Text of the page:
So why has Tom Wolf (thus far) managed to defy the odds? Because he has spent wisely – on timely, quality advertising – and because his Democratic rivals were slow off the mark and generally underwhelming.
Having lots of money means nothing if you lavish it on bad TV ads. But Wolf’s initial ad, in particular, was very good. He looked and sounded like a nice guy. He was “born and raised in central Pennsylvania” (catnip for centrist and conservative Democratic voters who distrust Philadelphians). He has a fetching family. He worked in the Peace Corps (catnip for liberal Democratic voters). He grew a family business (catnip for business-oriented Democrats), the business was kitchen cabinets (a nice way to get rich, unlike, say, hedge funds), and he shared profits with the workers (more catnip for liberals). He got “a PhD from MIT,” yet he “started out driving a forklift.” All told, as uber-pundit Terry Madonna says, “They were maybe the best introductory commercials of a candidate in modern Pennsyvania history.”
Timing is everything, in politics as in life, and the “Meet Tom” ad was perfectly timed. It ran everywhere in late January and February – especially in the expensive Philadelphia market, which reaches roughly 40 percent of the state’s voters; and especially in the 7 p.m. hour, when the most habitual voters (older folks) are watching TV. Some of his ads showed up on the Winter Olympics broadcasts. Wolf got voters’ attention right at the time when they were just starting to think about the gubernatorial race (although, as we know from the abysmal Tuesday turnout, most registered Democrats paid scant attention).
And while Wolf was spending his money wisely, what were his rivals doing? Not much. They left Wolf a vacuum, and he happily filled it. Which is why, in a span of three months, he soared in the polls from worst to first.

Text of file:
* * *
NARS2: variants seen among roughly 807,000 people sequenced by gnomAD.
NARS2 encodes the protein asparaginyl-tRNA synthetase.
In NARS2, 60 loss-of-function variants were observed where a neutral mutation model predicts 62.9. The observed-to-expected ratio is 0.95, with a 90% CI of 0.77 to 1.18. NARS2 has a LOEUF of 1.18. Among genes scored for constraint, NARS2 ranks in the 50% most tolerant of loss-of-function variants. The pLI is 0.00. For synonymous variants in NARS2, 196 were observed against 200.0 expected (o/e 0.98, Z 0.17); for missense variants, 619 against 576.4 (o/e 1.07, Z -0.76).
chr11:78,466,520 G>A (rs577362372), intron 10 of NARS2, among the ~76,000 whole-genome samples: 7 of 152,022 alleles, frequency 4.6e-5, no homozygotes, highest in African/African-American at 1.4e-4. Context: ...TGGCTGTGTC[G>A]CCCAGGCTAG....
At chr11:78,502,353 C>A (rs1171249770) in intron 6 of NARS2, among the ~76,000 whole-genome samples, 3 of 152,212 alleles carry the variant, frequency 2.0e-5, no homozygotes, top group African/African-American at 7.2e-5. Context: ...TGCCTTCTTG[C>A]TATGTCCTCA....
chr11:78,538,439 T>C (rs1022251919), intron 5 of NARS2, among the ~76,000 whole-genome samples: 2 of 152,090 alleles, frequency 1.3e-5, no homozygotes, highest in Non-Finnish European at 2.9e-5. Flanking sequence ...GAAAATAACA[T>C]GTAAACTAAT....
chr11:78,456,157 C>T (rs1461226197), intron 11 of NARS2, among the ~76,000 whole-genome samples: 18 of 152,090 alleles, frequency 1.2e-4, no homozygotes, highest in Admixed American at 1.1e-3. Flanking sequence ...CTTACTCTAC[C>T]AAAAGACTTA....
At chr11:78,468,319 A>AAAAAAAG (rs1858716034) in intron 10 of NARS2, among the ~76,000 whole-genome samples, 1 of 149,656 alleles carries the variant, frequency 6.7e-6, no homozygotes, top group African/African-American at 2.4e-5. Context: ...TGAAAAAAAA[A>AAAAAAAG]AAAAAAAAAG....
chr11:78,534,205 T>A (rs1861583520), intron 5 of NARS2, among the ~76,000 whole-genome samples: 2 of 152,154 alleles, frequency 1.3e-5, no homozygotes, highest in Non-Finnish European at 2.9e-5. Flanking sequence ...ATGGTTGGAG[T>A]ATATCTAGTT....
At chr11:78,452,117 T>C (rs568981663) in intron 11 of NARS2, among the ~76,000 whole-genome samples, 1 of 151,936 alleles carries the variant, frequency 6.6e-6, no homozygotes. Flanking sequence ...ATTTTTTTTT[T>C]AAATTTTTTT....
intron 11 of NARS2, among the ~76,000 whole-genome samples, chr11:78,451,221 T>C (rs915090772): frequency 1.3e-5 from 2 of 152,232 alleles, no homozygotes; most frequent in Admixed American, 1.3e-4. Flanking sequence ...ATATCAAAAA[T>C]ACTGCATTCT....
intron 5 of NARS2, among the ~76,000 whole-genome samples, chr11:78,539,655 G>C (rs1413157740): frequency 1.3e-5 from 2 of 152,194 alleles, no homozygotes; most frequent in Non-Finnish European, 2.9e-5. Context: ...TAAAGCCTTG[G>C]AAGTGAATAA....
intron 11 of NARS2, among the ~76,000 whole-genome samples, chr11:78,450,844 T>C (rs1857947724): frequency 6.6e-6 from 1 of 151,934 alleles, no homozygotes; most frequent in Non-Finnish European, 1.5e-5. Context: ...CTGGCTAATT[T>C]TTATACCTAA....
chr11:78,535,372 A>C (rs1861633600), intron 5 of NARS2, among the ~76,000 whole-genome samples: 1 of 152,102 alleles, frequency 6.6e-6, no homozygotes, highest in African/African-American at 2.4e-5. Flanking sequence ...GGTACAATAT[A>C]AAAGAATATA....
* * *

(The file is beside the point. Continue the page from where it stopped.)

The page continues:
Congresswoman Allyson Schwartz, the one-time frontrunner, had raised enough money to compete with Wolf. But she didn’t put ads on the air until the end of March. And her basic message was cluttered with inside-Washington lingo (like her efforts to pass “CHIP,” as if the average viewer knows what that is), and boasts about her big-shot endorsements. This is not a good year to boast about being an establishment insider. Nor is it generally a good idea for a gubernatorial candidate to run an ad touting oneself as “Philadelphia’s own,” given the fact that Ed Rendell is the sole Philadelphian to govern the state in the last 100 years.
When Wolf was asked about his cash infusions during a candidate forum back in February, he replied, “I lament the role money has in this race. I think it distorts democracy.” However, “I’m playing by the rules of the game as they exist right now.” The courts say that money is speech; those are the rules. But money alone is no guarantor of success. You need luck, smarts, and lousy opponents. We’ll soon see whether the beleaguered Gov. Corbett is lousy enough to justify Wolf’s lavish investment.
Meanwhile, did you know that clueless trolls have plagued us since the 15th century?